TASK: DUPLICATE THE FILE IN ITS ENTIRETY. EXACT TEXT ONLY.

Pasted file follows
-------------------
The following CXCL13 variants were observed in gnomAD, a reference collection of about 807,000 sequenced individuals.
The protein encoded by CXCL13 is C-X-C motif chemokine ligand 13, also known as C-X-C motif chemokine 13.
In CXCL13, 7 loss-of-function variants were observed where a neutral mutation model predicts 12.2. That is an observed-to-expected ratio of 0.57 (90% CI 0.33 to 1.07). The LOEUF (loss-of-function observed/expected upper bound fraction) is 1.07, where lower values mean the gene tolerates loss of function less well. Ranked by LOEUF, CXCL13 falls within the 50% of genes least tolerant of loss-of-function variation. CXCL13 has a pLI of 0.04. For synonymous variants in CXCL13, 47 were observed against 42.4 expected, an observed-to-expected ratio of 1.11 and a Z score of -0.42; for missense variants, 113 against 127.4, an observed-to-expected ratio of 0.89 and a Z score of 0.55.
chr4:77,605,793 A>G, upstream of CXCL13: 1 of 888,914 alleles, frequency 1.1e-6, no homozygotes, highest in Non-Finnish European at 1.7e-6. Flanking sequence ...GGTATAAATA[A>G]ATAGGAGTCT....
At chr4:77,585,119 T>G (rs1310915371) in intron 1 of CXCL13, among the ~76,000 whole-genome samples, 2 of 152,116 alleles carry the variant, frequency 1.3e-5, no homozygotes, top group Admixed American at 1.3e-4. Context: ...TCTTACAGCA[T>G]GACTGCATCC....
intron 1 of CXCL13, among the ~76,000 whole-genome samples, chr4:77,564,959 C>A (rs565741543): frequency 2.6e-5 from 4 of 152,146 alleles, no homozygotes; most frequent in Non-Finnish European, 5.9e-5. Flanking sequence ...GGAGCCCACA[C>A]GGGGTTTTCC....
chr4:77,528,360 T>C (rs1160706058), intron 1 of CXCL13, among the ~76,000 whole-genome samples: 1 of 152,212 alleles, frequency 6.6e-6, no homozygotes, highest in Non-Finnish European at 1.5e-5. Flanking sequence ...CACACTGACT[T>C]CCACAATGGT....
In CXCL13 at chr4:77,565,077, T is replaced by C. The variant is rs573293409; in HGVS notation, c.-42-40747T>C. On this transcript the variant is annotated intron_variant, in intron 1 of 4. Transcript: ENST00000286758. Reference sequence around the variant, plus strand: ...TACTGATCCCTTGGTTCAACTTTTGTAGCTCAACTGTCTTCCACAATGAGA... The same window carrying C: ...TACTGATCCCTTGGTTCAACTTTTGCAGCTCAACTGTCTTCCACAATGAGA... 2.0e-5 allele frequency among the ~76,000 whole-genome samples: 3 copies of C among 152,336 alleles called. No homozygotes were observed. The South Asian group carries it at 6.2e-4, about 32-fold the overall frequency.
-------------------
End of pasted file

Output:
The following CXCL13 variants were observed in gnomAD, a reference collection of about 807,000 sequenced individuals.
The protein encoded by CXCL13 is C-X-C motif chemokine ligand 13, also known as C-X-C motif chemokine 13.
In CXCL13, 7 loss-of-function variants were observed where a neutral mutation model predicts 12.2. That is an observed-to-expected ratio of 0.57 (90% CI 0.33 to 1.07). The LOEUF (loss-of-function observed/expected upper bound fraction) is 1.07, where lower values mean the gene tolerates loss of function less well. Ranked by LOEUF, CXCL13 falls within the 50% of genes least tolerant of loss-of-function variation. CXCL13 has a pLI of 0.04. For synonymous variants in CXCL13, 47 were observed against 42.4 expected, an observed-to-expected ratio of 1.11 and a Z score of -0.42; for missense variants, 113 against 127.4, an observed-to-expected ratio of 0.89 and a Z score of 0.55.
chr4:77,605,793 A>G, upstream of CXCL13: 1 of 888,914 alleles, frequency 1.1e-6, no homozygotes, highest in Non-Finnish European at 1.7e-6. Flanking sequence ...GGTATAAATA[A>G]ATAGGAGTCT....
At chr4:77,585,119 T>G (rs1310915371) in intron 1 of CXCL13, among the ~76,000 whole-genome samples, 2 of 152,116 alleles carry the variant, frequency 1.3e-5, no homozygotes, top group Admixed American at 1.3e-4. Context: ...TCTTACAGCA[T>G]GACTGCATCC....
intron 1 of CXCL13, among the ~76,000 whole-genome samples, chr4:77,564,959 C>A (rs565741543): frequency 2.6e-5 from 4 of 152,146 alleles, no homozygotes; most frequent in Non-Finnish European, 5.9e-5. Flanking sequence ...GGAGCCCACA[C>A]GGGGTTTTCC....
chr4:77,528,360 T>C (rs1160706058), intron 1 of CXCL13, among the ~76,000 whole-genome samples: 1 of 152,212 alleles, frequency 6.6e-6, no homozygotes, highest in Non-Finnish European at 1.5e-5. Flanking sequence ...CACACTGACT[T>C]CCACAATGGT....
In CXCL13 at chr4:77,565,077, T is replaced by C. The variant is rs573293409; in HGVS notation, c.-42-40747T>C. On this transcript the variant is annotated intron_variant, in intron 1 of 4. Transcript: ENST00000286758. Reference sequence around the variant, plus strand: ...TACTGATCCCTTGGTTCAACTTTTGTAGCTCAACTGTCTTCCACAATGAGA... The same window carrying C: ...TACTGATCCCTTGGTTCAACTTTTGCAGCTCAACTGTCTTCCACAATGAGA... 2.0e-5 allele frequency among the ~76,000 whole-genome samples: 3 copies of C among 152,336 alleles called. No homozygotes were observed. The South Asian group carries it at 6.2e-4, about 32-fold the overall frequency.